McGill 'Hot Cities' business/field trip expands horizons
Published Saturday, March 1, 2014 4:07PM EST
Last Updated Saturday, March 1, 2014 6:48PM EST
A McGill management professor is leading students on a business field trip that will give them global experience.
Called the ‘Hot Cities’ tour, professor Karl Moore is taking students to emerging and developing countries to more about other economies.
“It's taking young people – we have 30 undergraduates – going to where the economy is really growing,” said Moore.
Beginning in 2007, in past years, students have visited India, Russia and South Africa. In these places, the goal is to learn, not lecture, said Moore.
“My generation, we typically fly in, business class, give a lecture how they should be more like us and then fly back home. And the great thing about this generation is it came from students. They want to give back,” he said.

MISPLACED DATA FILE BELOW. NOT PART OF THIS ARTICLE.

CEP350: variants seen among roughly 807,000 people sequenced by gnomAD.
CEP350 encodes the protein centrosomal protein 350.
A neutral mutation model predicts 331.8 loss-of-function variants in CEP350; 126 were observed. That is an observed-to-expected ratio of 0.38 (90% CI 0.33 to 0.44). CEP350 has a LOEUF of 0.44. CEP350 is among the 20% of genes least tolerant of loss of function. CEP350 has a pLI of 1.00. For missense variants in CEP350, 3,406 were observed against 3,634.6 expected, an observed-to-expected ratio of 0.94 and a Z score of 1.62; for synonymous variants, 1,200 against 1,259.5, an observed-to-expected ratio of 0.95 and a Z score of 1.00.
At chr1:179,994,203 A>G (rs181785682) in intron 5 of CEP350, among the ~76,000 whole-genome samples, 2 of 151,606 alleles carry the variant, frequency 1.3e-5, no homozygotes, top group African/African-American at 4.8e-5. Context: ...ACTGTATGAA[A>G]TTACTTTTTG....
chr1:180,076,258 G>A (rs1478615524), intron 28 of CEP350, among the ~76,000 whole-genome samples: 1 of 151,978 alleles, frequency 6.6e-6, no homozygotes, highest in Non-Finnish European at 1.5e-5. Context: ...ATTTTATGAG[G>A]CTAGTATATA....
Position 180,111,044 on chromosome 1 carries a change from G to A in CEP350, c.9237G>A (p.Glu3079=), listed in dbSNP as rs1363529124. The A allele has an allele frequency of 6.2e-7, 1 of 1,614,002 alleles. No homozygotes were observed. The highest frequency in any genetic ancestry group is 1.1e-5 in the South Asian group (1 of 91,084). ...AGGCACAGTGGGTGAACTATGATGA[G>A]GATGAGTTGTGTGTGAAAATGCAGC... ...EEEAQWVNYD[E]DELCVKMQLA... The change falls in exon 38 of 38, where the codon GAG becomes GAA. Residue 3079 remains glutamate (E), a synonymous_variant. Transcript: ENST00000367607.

“One of the key aspects is you get exposed to the business but also the political side, the political and social and cultural, because we'll be going to help a local charity,” said student Emma Knott.
This year's trip to Mongolia will include charitable work helping children attend school, for example, much like a previous experience in India.
But - the emphasis is on the changing economy of the country.
“I've never been to Asia and I've always wanted to explore Asia,” said student Joseph Polossifakis. “I know it’s an up-and-coming region.”
These students also say they have to keep broadening their horizons to remain competitive.
“Coming from Texas, I chose McGill because of Montreal and the great opportunities to learn from my peers in this environment, so this trip really reflects those kinds of principles,” said student Mia Bernhardt.
The student will study how products are marketed in Mongolia, meet with CEOs and ambassadors – and get to explore the beauty of the country and its culture.
“I think everything I see is going to be a good take-away to bring back home,” said Polossifakis.
McGill management students learn about emerging economies through field/business trips.